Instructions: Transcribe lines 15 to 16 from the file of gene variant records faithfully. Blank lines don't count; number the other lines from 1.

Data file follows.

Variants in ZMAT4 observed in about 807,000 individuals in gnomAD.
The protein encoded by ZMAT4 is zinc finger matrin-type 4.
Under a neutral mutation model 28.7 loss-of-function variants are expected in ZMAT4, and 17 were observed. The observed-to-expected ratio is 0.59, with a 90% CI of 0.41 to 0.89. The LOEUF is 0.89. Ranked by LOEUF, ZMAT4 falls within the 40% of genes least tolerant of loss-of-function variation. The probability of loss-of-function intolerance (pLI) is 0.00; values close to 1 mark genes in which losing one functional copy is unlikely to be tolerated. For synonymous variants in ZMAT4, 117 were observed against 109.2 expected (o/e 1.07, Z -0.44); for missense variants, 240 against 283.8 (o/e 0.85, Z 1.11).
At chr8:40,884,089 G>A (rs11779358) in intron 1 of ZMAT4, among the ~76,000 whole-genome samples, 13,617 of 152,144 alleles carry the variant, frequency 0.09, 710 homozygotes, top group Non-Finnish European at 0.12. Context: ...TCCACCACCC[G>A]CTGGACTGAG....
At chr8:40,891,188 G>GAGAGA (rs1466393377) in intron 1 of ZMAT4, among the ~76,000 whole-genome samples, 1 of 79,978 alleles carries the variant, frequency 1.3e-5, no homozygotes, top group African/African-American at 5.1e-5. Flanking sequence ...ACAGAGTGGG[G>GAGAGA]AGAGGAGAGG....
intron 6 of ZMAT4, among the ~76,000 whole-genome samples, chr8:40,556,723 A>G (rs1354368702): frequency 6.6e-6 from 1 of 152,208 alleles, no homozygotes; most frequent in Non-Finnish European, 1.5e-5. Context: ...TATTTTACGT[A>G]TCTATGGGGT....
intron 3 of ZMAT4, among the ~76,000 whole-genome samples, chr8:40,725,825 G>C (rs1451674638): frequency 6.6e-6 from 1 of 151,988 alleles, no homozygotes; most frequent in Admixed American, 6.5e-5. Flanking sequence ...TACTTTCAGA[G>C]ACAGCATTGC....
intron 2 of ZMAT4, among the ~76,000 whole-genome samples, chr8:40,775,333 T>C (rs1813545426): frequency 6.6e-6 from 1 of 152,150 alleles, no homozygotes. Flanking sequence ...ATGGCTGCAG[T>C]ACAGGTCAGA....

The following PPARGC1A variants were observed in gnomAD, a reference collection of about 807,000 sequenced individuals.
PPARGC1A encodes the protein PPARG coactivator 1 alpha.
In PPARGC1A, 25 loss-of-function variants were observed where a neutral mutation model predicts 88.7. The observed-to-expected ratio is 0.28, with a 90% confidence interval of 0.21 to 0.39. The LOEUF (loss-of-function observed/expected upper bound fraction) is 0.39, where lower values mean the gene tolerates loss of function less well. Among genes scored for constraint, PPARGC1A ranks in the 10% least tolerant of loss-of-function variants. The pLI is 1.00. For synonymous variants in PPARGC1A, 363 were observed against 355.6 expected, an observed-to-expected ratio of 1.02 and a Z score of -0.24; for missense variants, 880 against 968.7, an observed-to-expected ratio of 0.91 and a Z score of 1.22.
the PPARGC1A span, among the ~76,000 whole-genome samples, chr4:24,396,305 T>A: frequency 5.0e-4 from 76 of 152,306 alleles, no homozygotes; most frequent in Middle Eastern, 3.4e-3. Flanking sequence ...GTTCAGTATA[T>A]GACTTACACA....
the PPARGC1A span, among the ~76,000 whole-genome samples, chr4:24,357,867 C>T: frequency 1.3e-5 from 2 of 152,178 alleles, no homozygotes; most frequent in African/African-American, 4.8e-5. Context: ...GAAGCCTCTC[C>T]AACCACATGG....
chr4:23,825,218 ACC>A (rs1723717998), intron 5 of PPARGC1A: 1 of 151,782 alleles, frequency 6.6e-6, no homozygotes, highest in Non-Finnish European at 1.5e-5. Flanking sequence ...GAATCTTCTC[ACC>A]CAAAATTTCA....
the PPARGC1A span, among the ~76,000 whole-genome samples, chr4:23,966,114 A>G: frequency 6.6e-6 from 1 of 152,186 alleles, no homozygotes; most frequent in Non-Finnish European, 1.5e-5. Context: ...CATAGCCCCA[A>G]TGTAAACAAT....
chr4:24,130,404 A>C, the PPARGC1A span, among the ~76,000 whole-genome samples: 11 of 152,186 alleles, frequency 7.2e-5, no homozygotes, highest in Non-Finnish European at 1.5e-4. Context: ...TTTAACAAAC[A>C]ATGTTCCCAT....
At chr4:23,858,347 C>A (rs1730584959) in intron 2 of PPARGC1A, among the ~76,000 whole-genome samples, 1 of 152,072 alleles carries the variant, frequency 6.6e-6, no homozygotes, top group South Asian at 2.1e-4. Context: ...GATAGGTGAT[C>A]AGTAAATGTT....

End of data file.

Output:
the PPARGC1A span, among the ~76,000 whole-genome samples, chr4:23,966,114 A>G: frequency 6.6e-6 from 1 of 152,186 alleles, no homozygotes; most frequent in Non-Finnish European, 1.5e-5. Context: ...CATAGCCCCA[A>G]TGTAAACAAT....
chr4:24,130,404 A>C, the PPARGC1A span, among the ~76,000 whole-genome samples: 11 of 152,186 alleles, frequency 7.2e-5, no homozygotes, highest in Non-Finnish European at 1.5e-4. Context: ...TTTAACAAAC[A>C]ATGTTCCCAT....